It does not take a great deal of invention or ingenuity to build a boiler, but it does require lots of principle to build an honest one, as there is no manufactured article on which a purchaser can be so completely cheated as a steam boiler. The buyer has to depend solely on the reputation of the builder, and with this general warning we will proceed to say that Farrar & Trefts have been rewarded by the producer for their labor and enterprise. All the way down from Pithole to Whisky run, they have sold stacks of them in every field yet opened, having built, sold and delivered the enormous total of 25,000 engines and boilers up to date — just think of it! Enough to make a ferriferous fringe for one of our States if the different pieces were laid out edge to edge on the landscape.

Farrar & Treft's Machinery is the most widely known, is the most popular, has the largest sale, has given the best satisfaction, is the more durable, is the most economical, has the speed record for twenty years, has smothered all competitors as fast as born, is always tuned up to concert pitch, is the easiest to sell at second hand, has the right of way in every oil field on the globe, has never lost a friend who gave it a fair trial, has outgrown everything in sight; it took some blowing to start it, it makes its own draught now; those who buy it, make a good investment; those who don't, make a mistake.


19200 dpi jpegs from digital images (photographs) March 1, 2015, by Leon Worden.
PICO OIL CAMP

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CSOW Time Book
1887-1889

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SCV History Moment

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Early Oil & Gas Production in Calif. (Video 1985)

Standard Oil Co. History to 1929


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Description Jan. 1877

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Description May 1877

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Description 9-26-1882

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Oil Tank Const. & Death 1883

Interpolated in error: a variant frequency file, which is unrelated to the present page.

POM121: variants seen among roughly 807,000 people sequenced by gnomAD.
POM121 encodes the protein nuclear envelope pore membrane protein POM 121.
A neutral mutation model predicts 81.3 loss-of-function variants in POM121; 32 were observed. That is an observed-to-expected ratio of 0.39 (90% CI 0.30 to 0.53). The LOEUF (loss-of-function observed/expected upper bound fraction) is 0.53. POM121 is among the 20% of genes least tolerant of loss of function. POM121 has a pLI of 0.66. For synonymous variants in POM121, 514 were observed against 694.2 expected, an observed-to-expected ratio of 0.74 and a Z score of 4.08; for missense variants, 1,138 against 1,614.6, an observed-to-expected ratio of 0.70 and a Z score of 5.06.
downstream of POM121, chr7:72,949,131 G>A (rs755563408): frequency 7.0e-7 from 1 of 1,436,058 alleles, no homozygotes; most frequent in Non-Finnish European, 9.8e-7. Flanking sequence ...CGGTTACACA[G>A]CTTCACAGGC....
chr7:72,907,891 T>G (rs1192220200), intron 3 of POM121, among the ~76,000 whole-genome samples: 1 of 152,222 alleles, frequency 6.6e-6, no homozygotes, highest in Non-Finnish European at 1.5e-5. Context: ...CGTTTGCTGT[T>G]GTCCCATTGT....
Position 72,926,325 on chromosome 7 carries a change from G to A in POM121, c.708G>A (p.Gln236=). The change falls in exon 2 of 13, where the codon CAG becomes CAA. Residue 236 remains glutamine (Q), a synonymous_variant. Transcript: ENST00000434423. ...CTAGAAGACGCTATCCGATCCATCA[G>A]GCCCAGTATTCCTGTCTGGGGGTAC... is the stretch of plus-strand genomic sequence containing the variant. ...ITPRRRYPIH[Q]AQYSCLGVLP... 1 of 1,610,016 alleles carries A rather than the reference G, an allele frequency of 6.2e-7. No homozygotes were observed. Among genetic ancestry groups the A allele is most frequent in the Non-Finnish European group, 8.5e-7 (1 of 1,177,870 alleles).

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Mentryville 1885-1891

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CSO Hill 1883

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Oil Works ~1885

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The Pico Field 1890

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PCO Hill ~1890s

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CSO Jackline Plant

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Farrar & Tufts Boiler

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Mentryville 1890s-1900s

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Reamer Patent 1900

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Machine Shop 1910

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Machine Shop 1910s

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Mentryville ~1920

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Pico No. 4, 1931

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CSO Jackline Plant

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PCO Jackline Plant Remnants

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Darryl Manzer at Firehouse ~1961

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Darryl Manzer at Field Office ~1961

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Pico No. 4, 1961

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PCO Jackline Plant Removal 1974-75

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CSO Jackline Plant 1974-75

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A.C. Mentry Blacksmith Forge